I’ve been thinking a lot this week about empathy.
Maybe it’s because of this article on a new theory that people on the autism spectrum experience the feelings of others so deeply and intimately that they are overwhelmed and as a result, tune out or go inward.
This contrasts with the common belief that autism causes individuals to be entirely removed and unaware of others’ feelings, or to lack empathy.
And maybe it’s because of all the talk in the news about the Supreme Court nomination: President Obama’s statement about wanting to pick someone with “empathy” and the various media conversations that followed.
And maybe it’s because of John Dickerson’s article on Slate called The Logic of Empathy: How Obama is Like Spock. He reflects on the ways in which the president exhibits empathy and how that's not necessarily inconsistent with his famously cool, analytical and perhaps even Spock-like demeanor.
And it’s definitely because I’ve watched Ben in situations where he has shown he is developing the ability to anticipate and imagine what others might be thinking, which is one component of empathy.
But back to that autism article for a moment. Because I have a quibble.
I completely buy the premise that this strong response to emotional situations is not uncommon for those with autistic traits. I've seen it with Ben lots of times.
For example, we occasionally let Ben try out a violin that belonged to my great-grandfather. Last night, he became upset that I had repeatedly reminded him not to touch the bow hairs, and he yanked it to show his anger. My sharp and clearly emotional response (to almost having a 100-year old violin thrown across the room) triggered a now-infrequent robot-rampage-style meltdown.
I know that his response wasn’t just because I set a limit; it was how I lost my composure when I did it.
However, I’m not so sure I would, as the article suggests, call that “empathy.”
I don't think of empathy as feeling the emotions of others; and certainly not developing strong discomfort or anxiety in response to the emotions of others.
It seems like empathy refers to the ability to place oneself in the mindset of another to imagine and predict how they might behave, how they might feel. This is an analytical activity, a sort of detective work, and it may or may not elicit our own emotions.
Empathy is useful. It helps us make better decisions, respond to others’ needs, and alter our behavior based on what others might be feeling or thinking.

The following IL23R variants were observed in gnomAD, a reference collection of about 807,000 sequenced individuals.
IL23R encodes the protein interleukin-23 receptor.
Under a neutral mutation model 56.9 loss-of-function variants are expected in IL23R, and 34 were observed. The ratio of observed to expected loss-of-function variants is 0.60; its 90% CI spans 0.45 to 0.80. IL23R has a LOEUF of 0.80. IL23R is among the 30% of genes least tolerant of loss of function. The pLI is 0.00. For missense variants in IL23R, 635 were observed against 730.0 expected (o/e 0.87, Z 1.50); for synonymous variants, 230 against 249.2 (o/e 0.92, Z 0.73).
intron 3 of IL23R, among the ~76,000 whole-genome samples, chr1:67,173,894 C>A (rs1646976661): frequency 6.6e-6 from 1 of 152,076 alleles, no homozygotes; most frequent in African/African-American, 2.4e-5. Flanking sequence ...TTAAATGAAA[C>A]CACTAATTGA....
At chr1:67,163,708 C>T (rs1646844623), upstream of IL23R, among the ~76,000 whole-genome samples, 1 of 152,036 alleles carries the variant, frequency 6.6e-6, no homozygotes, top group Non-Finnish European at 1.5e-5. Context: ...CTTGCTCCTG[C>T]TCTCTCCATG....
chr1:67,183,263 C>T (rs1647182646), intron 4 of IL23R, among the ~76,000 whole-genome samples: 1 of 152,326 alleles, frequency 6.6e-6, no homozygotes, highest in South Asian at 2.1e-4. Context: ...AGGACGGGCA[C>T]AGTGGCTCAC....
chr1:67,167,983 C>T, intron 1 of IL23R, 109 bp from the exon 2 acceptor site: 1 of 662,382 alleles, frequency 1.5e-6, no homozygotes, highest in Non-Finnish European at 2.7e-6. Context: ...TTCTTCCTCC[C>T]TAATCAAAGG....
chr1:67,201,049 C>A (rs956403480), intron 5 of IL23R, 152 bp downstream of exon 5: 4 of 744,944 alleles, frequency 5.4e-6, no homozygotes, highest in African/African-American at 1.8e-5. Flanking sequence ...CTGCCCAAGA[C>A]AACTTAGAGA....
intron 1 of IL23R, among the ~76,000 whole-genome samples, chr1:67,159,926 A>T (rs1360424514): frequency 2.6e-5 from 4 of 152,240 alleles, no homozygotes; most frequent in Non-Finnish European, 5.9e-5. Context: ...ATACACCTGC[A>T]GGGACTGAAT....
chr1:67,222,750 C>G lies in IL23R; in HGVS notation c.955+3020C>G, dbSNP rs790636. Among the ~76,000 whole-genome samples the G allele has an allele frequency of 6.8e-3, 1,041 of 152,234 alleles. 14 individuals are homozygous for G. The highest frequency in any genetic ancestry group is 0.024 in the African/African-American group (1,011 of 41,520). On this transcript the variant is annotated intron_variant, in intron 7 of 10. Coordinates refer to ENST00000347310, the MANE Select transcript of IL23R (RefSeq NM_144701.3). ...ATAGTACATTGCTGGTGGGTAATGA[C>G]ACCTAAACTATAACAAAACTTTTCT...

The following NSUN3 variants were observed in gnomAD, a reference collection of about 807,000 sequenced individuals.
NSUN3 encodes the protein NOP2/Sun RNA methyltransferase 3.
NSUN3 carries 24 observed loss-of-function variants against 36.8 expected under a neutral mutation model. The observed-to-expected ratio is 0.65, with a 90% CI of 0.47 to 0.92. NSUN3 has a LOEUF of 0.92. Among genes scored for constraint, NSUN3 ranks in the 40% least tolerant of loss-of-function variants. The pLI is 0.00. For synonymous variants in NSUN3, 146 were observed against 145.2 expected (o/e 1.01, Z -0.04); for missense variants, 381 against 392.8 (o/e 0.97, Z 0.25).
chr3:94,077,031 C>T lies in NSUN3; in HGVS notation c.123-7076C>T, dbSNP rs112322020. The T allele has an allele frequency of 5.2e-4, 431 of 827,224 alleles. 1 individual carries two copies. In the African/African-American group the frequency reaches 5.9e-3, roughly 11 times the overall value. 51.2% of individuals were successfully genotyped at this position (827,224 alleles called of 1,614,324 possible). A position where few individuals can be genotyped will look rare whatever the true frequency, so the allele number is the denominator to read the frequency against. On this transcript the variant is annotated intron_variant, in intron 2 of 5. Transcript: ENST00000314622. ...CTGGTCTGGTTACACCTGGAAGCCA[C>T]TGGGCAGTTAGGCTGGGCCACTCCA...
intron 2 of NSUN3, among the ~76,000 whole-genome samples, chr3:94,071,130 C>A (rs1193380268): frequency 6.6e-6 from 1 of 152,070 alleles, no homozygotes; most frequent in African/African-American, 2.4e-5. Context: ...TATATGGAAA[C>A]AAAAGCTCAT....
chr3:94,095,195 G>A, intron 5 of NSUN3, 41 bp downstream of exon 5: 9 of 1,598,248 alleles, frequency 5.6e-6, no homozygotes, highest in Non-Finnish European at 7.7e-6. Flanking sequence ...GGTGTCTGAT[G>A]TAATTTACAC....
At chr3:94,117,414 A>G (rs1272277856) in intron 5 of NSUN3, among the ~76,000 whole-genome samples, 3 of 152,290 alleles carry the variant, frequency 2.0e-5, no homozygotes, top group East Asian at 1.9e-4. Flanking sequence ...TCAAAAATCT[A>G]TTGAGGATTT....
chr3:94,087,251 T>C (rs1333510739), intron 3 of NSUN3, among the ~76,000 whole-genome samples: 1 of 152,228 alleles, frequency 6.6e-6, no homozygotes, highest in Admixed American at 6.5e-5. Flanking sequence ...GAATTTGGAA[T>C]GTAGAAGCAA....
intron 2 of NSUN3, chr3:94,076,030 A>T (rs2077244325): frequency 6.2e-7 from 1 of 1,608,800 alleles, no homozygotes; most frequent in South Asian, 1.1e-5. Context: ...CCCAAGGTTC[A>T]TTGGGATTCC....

But being fearful and overwhelmed emotionally by the perceived feelings of others isn’t necessarily analytical, nor is it useful. And judging from the comments on the article from adults on the spectrum who've experienced this, it certainly doesn't sound like much fun.
When Ben is using his emerging “theory of mind” - or empathy - he is in control of the situation. When he is reacting strongly to others’ emotions, he is not.
An example of empathy is when Ben asked my mom to leave him alone in his room with his trains, but sweetly complimented her as she was leaving, saying, “Grandma, I love making cookies with you.” He predicted her disappointment and decided to soften the blow with kindness.
Contrast this with when Ben once hit another mom (a stranger) at a playground when she sharply and loudly reprimanded her child. I would not classify this as empathy for the other kid.
I don’t see Ben’s atypically slow emergence of empathy and theory of mind and his tendency to react with anxiety to the emotions of others as mutually exclusive, as the article nearly suggests.
But I do wonder if they might be related.
As the cognitive, analytical ability for empathy develops, does the overwhelming un-separateness of others’ emotions fade? And can we help that process along if we understand that these tendencies can be translated into strengths?
To go back to the Star Trek analogy, can we encourage a modified Spock rather than Deanna Troi?
(And really, wouldn't you rather go into battle with Spock than an Empath anyway? “Pain! I’m feeling pain, Captain!”)
Ultimately, that’s what I want for Ben: for him to be able understand another’s perspective – with compassion - rather than to be so fearful and overwhelmed by strong emotions that he has to shut down or act out.
Or to borrow from John Dickerson’s article, empathy might not be Bill Clinton’s “I feel your pain” as much as it is Obama’s “I see your point.”